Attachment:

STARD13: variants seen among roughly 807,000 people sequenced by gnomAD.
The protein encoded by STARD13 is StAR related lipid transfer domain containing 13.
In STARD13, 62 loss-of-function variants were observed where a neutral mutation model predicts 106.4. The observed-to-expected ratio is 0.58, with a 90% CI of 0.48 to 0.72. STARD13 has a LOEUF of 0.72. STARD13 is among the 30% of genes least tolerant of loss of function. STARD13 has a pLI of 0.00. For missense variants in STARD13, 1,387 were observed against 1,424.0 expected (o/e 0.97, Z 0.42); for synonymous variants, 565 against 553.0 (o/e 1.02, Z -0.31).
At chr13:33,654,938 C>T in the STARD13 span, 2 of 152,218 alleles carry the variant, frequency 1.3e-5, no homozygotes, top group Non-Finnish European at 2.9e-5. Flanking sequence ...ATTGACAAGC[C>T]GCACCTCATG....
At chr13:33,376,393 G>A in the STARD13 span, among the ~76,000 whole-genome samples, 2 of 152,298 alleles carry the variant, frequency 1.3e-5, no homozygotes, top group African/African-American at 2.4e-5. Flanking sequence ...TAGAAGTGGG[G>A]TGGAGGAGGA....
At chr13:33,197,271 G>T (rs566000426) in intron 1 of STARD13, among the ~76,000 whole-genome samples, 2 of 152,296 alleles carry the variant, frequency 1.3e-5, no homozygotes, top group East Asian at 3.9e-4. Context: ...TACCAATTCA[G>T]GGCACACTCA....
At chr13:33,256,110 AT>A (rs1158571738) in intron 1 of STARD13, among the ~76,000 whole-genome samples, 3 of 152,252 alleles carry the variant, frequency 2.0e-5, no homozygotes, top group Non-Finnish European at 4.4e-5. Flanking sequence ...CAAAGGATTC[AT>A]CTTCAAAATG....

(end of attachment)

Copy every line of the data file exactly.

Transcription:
STARD13: variants seen among roughly 807,000 people sequenced by gnomAD.
The protein encoded by STARD13 is StAR related lipid transfer domain containing 13.
In STARD13, 62 loss-of-function variants were observed where a neutral mutation model predicts 106.4. The observed-to-expected ratio is 0.58, with a 90% CI of 0.48 to 0.72. STARD13 has a LOEUF of 0.72. STARD13 is among the 30% of genes least tolerant of loss of function. STARD13 has a pLI of 0.00. For missense variants in STARD13, 1,387 were observed against 1,424.0 expected (o/e 0.97, Z 0.42); for synonymous variants, 565 against 553.0 (o/e 1.02, Z -0.31).
At chr13:33,654,938 C>T in the STARD13 span, 2 of 152,218 alleles carry the variant, frequency 1.3e-5, no homozygotes, top group Non-Finnish European at 2.9e-5. Flanking sequence ...ATTGACAAGC[C>T]GCACCTCATG....
At chr13:33,376,393 G>A in the STARD13 span, among the ~76,000 whole-genome samples, 2 of 152,298 alleles carry the variant, frequency 1.3e-5, no homozygotes, top group African/African-American at 2.4e-5. Flanking sequence ...TAGAAGTGGG[G>A]TGGAGGAGGA....
At chr13:33,197,271 G>T (rs566000426) in intron 1 of STARD13, among the ~76,000 whole-genome samples, 2 of 152,296 alleles carry the variant, frequency 1.3e-5, no homozygotes, top group East Asian at 3.9e-4. Context: ...TACCAATTCA[G>T]GGCACACTCA....
At chr13:33,256,110 AT>A (rs1158571738) in intron 1 of STARD13, among the ~76,000 whole-genome samples, 3 of 152,252 alleles carry the variant, frequency 2.0e-5, no homozygotes, top group Non-Finnish European at 4.4e-5. Flanking sequence ...CAAAGGATTC[AT>A]CTTCAAAATG....